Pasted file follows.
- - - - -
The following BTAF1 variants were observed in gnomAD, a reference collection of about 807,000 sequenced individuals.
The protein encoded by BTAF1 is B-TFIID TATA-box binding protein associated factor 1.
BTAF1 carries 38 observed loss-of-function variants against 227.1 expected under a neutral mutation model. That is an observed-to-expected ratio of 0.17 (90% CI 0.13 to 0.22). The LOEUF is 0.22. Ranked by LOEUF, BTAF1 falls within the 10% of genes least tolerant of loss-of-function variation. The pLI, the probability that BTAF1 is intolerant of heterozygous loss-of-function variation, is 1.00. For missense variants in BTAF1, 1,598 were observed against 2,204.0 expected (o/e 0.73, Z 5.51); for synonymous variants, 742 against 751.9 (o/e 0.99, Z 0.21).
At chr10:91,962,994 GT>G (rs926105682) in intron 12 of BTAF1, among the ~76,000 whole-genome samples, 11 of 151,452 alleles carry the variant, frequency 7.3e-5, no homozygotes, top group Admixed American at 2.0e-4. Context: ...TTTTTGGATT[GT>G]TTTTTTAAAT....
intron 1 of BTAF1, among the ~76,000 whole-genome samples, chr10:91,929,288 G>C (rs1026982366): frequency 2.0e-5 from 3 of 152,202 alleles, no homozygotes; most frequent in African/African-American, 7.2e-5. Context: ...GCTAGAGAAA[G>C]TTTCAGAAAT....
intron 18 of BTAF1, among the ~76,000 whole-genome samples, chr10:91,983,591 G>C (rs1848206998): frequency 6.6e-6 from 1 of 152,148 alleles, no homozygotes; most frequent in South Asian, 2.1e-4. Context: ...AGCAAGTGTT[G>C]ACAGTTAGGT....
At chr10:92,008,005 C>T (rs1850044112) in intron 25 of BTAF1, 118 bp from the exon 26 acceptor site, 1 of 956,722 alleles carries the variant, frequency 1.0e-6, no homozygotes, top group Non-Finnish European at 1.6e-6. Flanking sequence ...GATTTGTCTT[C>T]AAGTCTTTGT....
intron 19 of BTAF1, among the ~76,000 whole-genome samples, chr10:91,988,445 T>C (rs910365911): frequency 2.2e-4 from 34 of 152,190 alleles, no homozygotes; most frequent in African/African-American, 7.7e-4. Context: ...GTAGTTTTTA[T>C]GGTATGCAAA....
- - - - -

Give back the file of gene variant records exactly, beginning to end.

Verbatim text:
The following BTAF1 variants were observed in gnomAD, a reference collection of about 807,000 sequenced individuals.
The protein encoded by BTAF1 is B-TFIID TATA-box binding protein associated factor 1.
BTAF1 carries 38 observed loss-of-function variants against 227.1 expected under a neutral mutation model. That is an observed-to-expected ratio of 0.17 (90% CI 0.13 to 0.22). The LOEUF is 0.22. Ranked by LOEUF, BTAF1 falls within the 10% of genes least tolerant of loss-of-function variation. The pLI, the probability that BTAF1 is intolerant of heterozygous loss-of-function variation, is 1.00. For missense variants in BTAF1, 1,598 were observed against 2,204.0 expected (o/e 0.73, Z 5.51); for synonymous variants, 742 against 751.9 (o/e 0.99, Z 0.21).
At chr10:91,962,994 GT>G (rs926105682) in intron 12 of BTAF1, among the ~76,000 whole-genome samples, 11 of 151,452 alleles carry the variant, frequency 7.3e-5, no homozygotes, top group Admixed American at 2.0e-4. Context: ...TTTTTGGATT[GT>G]TTTTTTAAAT....
intron 1 of BTAF1, among the ~76,000 whole-genome samples, chr10:91,929,288 G>C (rs1026982366): frequency 2.0e-5 from 3 of 152,202 alleles, no homozygotes; most frequent in African/African-American, 7.2e-5. Context: ...GCTAGAGAAA[G>C]TTTCAGAAAT....
intron 18 of BTAF1, among the ~76,000 whole-genome samples, chr10:91,983,591 G>C (rs1848206998): frequency 6.6e-6 from 1 of 152,148 alleles, no homozygotes; most frequent in South Asian, 2.1e-4. Context: ...AGCAAGTGTT[G>C]ACAGTTAGGT....
At chr10:92,008,005 C>T (rs1850044112) in intron 25 of BTAF1, 118 bp from the exon 26 acceptor site, 1 of 956,722 alleles carries the variant, frequency 1.0e-6, no homozygotes, top group Non-Finnish European at 1.6e-6. Flanking sequence ...GATTTGTCTT[C>T]AAGTCTTTGT....
intron 19 of BTAF1, among the ~76,000 whole-genome samples, chr10:91,988,445 T>C (rs910365911): frequency 2.2e-4 from 34 of 152,190 alleles, no homozygotes; most frequent in African/African-American, 7.7e-4. Context: ...GTAGTTTTTA[T>C]GGTATGCAAA....